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Beyond Ancestry: Exploring the Full Scope of Genetic Testing

Genetic testing goes beyond ancestry

According to the Center for Genetics and Society, more than 26 million people have taken an at-home ancestry test.

Genetic ancestry tests were first marketed in 2000 for people to reconstruct genealogies and learn more about their family history.

Did you know that there is more information inside your genes than just your ancestry?


Genetic testing for medication (called pharmacogenomics, PGx) and nutrition (called nutrigenomics, NGx) can offer insights that directly affect your health and well-being.

Let's take a closer look at how this type of testing can provide you with personalized care.


In the infographic below, are 5 genes that, if a variation is present, could affect a medication you are taking.

Changes in your genes could lead to an increased risk of side effects or put you at risk of taking a medication that may not work.

5 Genes That Can Affect Your Response to Medications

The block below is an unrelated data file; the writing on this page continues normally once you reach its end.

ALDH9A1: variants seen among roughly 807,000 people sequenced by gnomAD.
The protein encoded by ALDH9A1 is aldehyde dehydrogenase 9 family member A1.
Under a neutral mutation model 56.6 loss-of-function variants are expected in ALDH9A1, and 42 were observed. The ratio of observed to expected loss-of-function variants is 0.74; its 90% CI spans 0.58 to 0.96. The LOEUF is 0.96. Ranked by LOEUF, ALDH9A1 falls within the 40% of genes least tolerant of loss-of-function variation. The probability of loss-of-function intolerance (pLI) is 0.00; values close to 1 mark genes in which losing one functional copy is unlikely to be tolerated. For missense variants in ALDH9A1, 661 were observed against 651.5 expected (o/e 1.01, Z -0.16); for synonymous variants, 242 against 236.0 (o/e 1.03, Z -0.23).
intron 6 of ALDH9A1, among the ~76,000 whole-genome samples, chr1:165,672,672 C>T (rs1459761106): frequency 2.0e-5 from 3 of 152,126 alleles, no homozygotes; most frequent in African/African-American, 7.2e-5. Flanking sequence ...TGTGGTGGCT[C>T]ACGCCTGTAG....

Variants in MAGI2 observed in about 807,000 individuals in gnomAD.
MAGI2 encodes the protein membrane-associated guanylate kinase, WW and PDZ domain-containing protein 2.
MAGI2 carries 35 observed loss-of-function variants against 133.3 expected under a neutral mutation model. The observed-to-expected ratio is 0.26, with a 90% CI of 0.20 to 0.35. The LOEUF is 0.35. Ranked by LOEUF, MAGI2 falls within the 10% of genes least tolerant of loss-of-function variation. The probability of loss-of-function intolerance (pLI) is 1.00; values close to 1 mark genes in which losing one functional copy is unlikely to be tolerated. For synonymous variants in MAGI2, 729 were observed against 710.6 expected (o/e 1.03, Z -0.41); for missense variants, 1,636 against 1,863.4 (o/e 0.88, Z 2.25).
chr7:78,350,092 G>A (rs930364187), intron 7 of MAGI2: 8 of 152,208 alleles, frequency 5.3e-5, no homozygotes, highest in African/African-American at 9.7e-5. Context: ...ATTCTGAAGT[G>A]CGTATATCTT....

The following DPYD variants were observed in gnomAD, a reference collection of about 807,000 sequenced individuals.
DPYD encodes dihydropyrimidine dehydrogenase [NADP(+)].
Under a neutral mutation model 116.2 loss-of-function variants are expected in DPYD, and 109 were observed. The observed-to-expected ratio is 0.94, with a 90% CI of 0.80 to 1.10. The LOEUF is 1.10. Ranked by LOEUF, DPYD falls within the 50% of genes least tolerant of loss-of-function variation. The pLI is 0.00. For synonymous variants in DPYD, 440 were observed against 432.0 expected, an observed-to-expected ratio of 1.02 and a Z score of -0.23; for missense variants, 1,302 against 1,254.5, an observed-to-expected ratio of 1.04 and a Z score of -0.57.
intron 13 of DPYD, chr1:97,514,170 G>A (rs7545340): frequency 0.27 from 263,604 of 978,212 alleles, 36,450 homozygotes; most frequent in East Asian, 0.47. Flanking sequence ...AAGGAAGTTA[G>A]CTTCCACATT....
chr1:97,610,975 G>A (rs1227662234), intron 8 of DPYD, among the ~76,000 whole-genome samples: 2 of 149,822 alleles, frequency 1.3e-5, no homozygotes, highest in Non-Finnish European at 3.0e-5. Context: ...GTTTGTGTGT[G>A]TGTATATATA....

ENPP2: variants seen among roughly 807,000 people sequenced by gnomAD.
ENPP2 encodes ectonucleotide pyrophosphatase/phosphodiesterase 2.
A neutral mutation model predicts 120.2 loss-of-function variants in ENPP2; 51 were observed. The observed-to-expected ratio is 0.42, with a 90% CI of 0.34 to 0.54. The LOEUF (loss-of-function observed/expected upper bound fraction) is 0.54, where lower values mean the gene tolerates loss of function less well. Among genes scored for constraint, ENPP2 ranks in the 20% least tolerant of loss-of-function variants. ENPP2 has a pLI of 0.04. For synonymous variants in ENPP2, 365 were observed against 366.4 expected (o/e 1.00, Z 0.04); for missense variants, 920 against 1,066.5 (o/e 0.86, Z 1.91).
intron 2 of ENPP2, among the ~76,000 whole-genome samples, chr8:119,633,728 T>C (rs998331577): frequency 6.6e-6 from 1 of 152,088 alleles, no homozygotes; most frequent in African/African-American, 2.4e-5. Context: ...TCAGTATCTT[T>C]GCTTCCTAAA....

Genetic tests can also explain how your body interacts with different foods. For example, how your body may respond to dairy, gluten, and saturated fats.

You can also have changes in the genes that make the hormones that tell your body when you're hungry and full.

In the infographic below are two genes that can affect your eating patterns and increase your risk of weight gain.

Decoding your diet: Nutrigenomics 101

The information above shows that genetic tests can divulge important information to optimize the benefit of medications and nutrition.

Genetic testing is one piece of the puzzle that can help you achieve your health goals. We can now provide you with more personalized approach to treatment.

Are you ready to move beyond ancestry?

Are you ready to harness the power of genetics?

Do you want to unlock your personal insights and take back

control of your health?

If so, book a call with our genetics-trained pharmacist

to see how she can help you.

It is important to note that interpretation of genetic test results should be done with the consultation of a licensed health care provider who can give guidance on the implication of the findings and recommend appropriate next steps.



1. Regalado A. More than 26 million people have taken an at-home ancestry test. Center for Genetics and Society. February 11, 2019. Accessed February 27, 2024.

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